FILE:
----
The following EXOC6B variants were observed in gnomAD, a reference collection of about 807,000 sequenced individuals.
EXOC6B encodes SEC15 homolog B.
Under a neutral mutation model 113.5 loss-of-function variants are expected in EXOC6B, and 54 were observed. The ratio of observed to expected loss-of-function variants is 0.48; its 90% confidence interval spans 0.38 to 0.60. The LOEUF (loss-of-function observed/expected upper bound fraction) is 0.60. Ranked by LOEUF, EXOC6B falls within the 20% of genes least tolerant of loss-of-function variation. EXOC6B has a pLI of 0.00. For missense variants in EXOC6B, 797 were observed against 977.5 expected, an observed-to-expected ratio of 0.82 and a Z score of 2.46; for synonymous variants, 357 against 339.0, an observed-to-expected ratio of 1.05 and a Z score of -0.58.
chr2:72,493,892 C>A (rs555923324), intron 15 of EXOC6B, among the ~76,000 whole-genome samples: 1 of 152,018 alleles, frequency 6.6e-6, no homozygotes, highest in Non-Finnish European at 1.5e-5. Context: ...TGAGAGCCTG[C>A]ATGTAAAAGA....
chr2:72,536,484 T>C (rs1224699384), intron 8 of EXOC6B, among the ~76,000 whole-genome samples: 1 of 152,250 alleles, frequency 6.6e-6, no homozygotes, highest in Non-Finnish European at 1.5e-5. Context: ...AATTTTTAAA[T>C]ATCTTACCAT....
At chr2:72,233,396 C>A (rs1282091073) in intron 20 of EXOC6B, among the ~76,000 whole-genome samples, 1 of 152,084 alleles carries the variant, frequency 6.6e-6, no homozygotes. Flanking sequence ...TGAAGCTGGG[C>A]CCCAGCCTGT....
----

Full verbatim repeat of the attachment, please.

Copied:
The following EXOC6B variants were observed in gnomAD, a reference collection of about 807,000 sequenced individuals.
EXOC6B encodes SEC15 homolog B.
Under a neutral mutation model 113.5 loss-of-function variants are expected in EXOC6B, and 54 were observed. The ratio of observed to expected loss-of-function variants is 0.48; its 90% confidence interval spans 0.38 to 0.60. The LOEUF (loss-of-function observed/expected upper bound fraction) is 0.60. Ranked by LOEUF, EXOC6B falls within the 20% of genes least tolerant of loss-of-function variation. EXOC6B has a pLI of 0.00. For missense variants in EXOC6B, 797 were observed against 977.5 expected, an observed-to-expected ratio of 0.82 and a Z score of 2.46; for synonymous variants, 357 against 339.0, an observed-to-expected ratio of 1.05 and a Z score of -0.58.
chr2:72,493,892 C>A (rs555923324), intron 15 of EXOC6B, among the ~76,000 whole-genome samples: 1 of 152,018 alleles, frequency 6.6e-6, no homozygotes, highest in Non-Finnish European at 1.5e-5. Context: ...TGAGAGCCTG[C>A]ATGTAAAAGA....
chr2:72,536,484 T>C (rs1224699384), intron 8 of EXOC6B, among the ~76,000 whole-genome samples: 1 of 152,250 alleles, frequency 6.6e-6, no homozygotes, highest in Non-Finnish European at 1.5e-5. Context: ...AATTTTTAAA[T>C]ATCTTACCAT....
At chr2:72,233,396 C>A (rs1282091073) in intron 20 of EXOC6B, among the ~76,000 whole-genome samples, 1 of 152,084 alleles carries the variant, frequency 6.6e-6, no homozygotes. Flanking sequence ...TGAAGCTGGG[C>A]CCCAGCCTGT....